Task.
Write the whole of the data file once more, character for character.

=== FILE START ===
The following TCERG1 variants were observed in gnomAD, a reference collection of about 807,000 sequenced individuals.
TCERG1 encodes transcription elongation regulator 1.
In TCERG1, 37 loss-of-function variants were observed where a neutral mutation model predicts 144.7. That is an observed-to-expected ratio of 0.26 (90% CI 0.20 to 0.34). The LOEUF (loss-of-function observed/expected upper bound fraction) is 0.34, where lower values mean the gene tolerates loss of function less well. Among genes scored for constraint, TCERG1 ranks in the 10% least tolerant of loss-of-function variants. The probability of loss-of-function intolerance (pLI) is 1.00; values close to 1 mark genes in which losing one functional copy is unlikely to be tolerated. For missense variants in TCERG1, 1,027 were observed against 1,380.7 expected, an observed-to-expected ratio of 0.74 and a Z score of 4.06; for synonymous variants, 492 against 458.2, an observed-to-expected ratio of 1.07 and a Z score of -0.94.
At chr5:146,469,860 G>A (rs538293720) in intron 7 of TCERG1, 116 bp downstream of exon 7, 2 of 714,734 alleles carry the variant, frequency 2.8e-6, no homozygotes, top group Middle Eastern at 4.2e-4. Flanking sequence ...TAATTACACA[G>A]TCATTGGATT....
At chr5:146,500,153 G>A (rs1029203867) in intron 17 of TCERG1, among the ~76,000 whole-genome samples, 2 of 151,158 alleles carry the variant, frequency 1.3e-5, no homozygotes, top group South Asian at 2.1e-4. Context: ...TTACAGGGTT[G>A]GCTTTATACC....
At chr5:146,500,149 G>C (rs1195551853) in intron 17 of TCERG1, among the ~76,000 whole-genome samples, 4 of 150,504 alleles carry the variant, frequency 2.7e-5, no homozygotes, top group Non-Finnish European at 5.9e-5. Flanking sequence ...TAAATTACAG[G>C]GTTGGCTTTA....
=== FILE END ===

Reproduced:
The following TCERG1 variants were observed in gnomAD, a reference collection of about 807,000 sequenced individuals.
TCERG1 encodes transcription elongation regulator 1.
In TCERG1, 37 loss-of-function variants were observed where a neutral mutation model predicts 144.7. That is an observed-to-expected ratio of 0.26 (90% CI 0.20 to 0.34). The LOEUF (loss-of-function observed/expected upper bound fraction) is 0.34, where lower values mean the gene tolerates loss of function less well. Among genes scored for constraint, TCERG1 ranks in the 10% least tolerant of loss-of-function variants. The probability of loss-of-function intolerance (pLI) is 1.00; values close to 1 mark genes in which losing one functional copy is unlikely to be tolerated. For missense variants in TCERG1, 1,027 were observed against 1,380.7 expected, an observed-to-expected ratio of 0.74 and a Z score of 4.06; for synonymous variants, 492 against 458.2, an observed-to-expected ratio of 1.07 and a Z score of -0.94.
At chr5:146,469,860 G>A (rs538293720) in intron 7 of TCERG1, 116 bp downstream of exon 7, 2 of 714,734 alleles carry the variant, frequency 2.8e-6, no homozygotes, top group Middle Eastern at 4.2e-4. Flanking sequence ...TAATTACACA[G>A]TCATTGGATT....
At chr5:146,500,153 G>A (rs1029203867) in intron 17 of TCERG1, among the ~76,000 whole-genome samples, 2 of 151,158 alleles carry the variant, frequency 1.3e-5, no homozygotes, top group South Asian at 2.1e-4. Context: ...TTACAGGGTT[G>A]GCTTTATACC....
At chr5:146,500,149 G>C (rs1195551853) in intron 17 of TCERG1, among the ~76,000 whole-genome samples, 4 of 150,504 alleles carry the variant, frequency 2.7e-5, no homozygotes, top group Non-Finnish European at 5.9e-5. Flanking sequence ...TAAATTACAG[G>C]GTTGGCTTTA....